"We have discovered the potentially marvelous and dangerous effects of probiotics," Elinav says.

But the good news is that the group that received the stool had done very well. A few days later the participants completely reconstructed the original microorganisms.

"Many people are taking antibiotics worldwide," Elinav says, "we need to better understand the potential side effects that we have not noticed."

And there is growing evidence that taking probiotics is not a good idea when you have a weak intestinal health. Another recent study found that probiotics are not good for children admitted with gastroenteritis. In an American experiment, 886 children who had gastroenteritis between 3 months and 4 years took 5 days of probiotics or placebo.

The proportion of moderate to severe gastroenteritis occurring within 2 weeks was slightly higher in the probiotic group (26.1%) than in the placebo group (24.7%). There was no difference in the duration of diarrhea or vomiting between the two groups.

Probiotic Billionaire Market

Despite this evidence, the demand for probiotics is huge and growing. In 2017, the market was valued at over $ 1.8 billion, and by 2024 it is expected to reach $ 66 billion.

"Given the heavy involvement of the industry, there is a clear conclusion about how useful probiotics should still be proven," says Elinav of the Weizmann Institute of Science in Israel.

"So regulators such as the US Food and Drug Administration (FDA) and European regulators have not yet approved probiotics for clinical use."

But that does not mean you have to abandon all probiotics. The problem seems to be more of a problem than the use itself. In many cases, probiotics are bought at supermarkets, but consumers may not know exactly what they have at home, even if the culture is still alive.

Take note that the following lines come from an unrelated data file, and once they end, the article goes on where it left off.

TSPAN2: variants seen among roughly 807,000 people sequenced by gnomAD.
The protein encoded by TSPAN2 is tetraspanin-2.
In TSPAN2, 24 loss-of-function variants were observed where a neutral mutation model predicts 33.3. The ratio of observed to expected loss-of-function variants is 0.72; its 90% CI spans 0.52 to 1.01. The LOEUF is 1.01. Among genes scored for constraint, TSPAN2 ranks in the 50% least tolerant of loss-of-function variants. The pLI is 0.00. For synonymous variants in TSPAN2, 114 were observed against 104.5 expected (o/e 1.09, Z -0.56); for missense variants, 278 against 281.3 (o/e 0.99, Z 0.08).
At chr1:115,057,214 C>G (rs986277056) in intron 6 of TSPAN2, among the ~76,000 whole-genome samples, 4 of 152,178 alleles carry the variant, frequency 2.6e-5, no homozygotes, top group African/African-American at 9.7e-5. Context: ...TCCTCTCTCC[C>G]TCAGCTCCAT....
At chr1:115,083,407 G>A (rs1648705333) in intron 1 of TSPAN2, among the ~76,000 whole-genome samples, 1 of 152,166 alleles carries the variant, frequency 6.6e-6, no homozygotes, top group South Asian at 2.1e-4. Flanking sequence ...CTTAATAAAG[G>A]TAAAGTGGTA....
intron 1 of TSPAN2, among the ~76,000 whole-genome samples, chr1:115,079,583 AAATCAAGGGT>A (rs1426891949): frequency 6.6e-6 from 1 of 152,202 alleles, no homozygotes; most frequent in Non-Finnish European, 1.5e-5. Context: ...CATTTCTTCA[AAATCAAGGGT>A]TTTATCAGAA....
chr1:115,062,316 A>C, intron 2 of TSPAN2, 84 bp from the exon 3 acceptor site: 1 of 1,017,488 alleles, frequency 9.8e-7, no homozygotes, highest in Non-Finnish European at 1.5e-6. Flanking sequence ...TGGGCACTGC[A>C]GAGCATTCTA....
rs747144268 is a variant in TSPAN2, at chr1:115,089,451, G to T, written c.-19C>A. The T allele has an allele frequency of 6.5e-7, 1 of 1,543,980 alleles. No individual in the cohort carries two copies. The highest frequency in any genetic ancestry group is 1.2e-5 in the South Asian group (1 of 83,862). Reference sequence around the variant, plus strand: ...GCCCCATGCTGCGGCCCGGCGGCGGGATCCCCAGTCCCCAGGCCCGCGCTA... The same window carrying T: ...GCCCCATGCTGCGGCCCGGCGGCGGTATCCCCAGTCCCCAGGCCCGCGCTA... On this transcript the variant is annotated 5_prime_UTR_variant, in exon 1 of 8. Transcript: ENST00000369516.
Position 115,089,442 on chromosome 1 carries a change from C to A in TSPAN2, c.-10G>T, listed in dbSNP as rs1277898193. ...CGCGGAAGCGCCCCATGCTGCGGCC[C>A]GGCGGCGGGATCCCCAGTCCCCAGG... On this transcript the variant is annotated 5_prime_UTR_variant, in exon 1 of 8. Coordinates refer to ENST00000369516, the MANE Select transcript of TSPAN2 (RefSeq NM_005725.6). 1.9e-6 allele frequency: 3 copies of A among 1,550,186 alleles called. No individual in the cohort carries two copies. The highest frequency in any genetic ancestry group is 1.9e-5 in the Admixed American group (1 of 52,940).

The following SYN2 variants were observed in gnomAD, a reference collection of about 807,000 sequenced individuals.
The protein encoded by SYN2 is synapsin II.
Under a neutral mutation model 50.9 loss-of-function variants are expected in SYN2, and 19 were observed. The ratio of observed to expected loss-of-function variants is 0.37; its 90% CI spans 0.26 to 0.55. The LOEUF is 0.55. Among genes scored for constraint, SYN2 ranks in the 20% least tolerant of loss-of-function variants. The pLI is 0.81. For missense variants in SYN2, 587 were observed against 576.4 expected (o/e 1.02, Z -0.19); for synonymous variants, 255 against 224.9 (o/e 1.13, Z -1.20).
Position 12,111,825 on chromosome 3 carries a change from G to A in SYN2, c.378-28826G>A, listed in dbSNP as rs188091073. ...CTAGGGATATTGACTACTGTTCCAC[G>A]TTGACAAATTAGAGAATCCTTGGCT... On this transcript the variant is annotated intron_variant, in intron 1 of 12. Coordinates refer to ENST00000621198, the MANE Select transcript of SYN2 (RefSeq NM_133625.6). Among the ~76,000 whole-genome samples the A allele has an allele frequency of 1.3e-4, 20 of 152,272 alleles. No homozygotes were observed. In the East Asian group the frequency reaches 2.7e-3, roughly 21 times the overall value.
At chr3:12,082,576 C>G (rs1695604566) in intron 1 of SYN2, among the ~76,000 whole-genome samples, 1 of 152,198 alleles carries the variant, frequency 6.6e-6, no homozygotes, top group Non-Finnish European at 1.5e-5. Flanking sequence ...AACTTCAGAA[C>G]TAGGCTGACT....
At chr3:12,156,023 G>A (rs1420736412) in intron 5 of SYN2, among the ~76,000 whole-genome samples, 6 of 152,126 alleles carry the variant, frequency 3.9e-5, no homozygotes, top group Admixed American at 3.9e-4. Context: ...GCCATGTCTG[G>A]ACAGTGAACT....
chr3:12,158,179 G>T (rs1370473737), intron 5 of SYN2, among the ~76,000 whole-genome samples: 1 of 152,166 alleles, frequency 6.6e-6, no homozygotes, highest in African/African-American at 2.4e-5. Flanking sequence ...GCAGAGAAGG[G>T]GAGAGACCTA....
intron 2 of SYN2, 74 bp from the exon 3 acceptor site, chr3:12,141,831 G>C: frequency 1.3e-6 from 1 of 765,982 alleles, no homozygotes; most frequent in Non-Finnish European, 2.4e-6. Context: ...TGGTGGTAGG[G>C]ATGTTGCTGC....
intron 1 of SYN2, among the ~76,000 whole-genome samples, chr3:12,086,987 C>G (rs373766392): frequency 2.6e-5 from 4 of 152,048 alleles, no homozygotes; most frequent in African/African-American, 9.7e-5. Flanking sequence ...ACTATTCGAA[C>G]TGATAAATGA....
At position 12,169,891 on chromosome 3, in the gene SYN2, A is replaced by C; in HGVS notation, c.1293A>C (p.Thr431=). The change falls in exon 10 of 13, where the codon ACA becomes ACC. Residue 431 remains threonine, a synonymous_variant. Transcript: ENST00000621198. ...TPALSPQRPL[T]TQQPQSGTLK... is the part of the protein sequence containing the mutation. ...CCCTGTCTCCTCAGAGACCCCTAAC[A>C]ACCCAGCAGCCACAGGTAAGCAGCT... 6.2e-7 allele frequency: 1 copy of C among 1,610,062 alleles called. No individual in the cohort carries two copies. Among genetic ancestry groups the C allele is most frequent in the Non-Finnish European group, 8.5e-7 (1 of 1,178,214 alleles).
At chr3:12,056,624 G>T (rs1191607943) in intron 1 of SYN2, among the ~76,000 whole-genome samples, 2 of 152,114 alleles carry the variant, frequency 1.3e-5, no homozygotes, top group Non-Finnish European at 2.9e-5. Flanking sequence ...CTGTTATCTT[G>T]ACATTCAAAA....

Who should use probiotics?

The Weizmann Institute of Science group also investigated who could benefit from probiotics. By measuring the presence of specific genes associated with the immune system, the team was able to predict people who simply could be "beaten" without settling with people who could accommodate biological bacteria that would be colonized in the colon.

"This is very interesting and important because it shows that our immune system is also involved in the interaction with bacteria. [probióticas]"Explains researcher Elinav.

This opens the way for the development of personalized probiotic treatments based on each genetic profile. Such a system is "realistic and can be developed relatively quickly," Elinav says.

However, in order to be realistic, more research on probiotic adaptation and testing with more bacterial strains in a large number of populations will be needed.

This kind of personalization can take advantage of the potential of probiotic therapy for intestinal health. The current lack of consistency in research is partly due to the fact that probiotics are treated as traditional drugs.

When taking the paracetam pill, the active principle will function by interacting with the brain's receptors to weaken the senses of pain. Because most people's pain receptors are enough to react in the same way as drugs.

However, microbiomics are not just recipients, they are closer to the ecosystem. It is not surprising that because of its complexity it is generally compared to rain forests.

As a result, it is not easy to identify and customize probiotic treatments, which are complex and personally behaving like internal ecosystems.

With this in mind, living microorganisms stored in supermarket shelves may not work.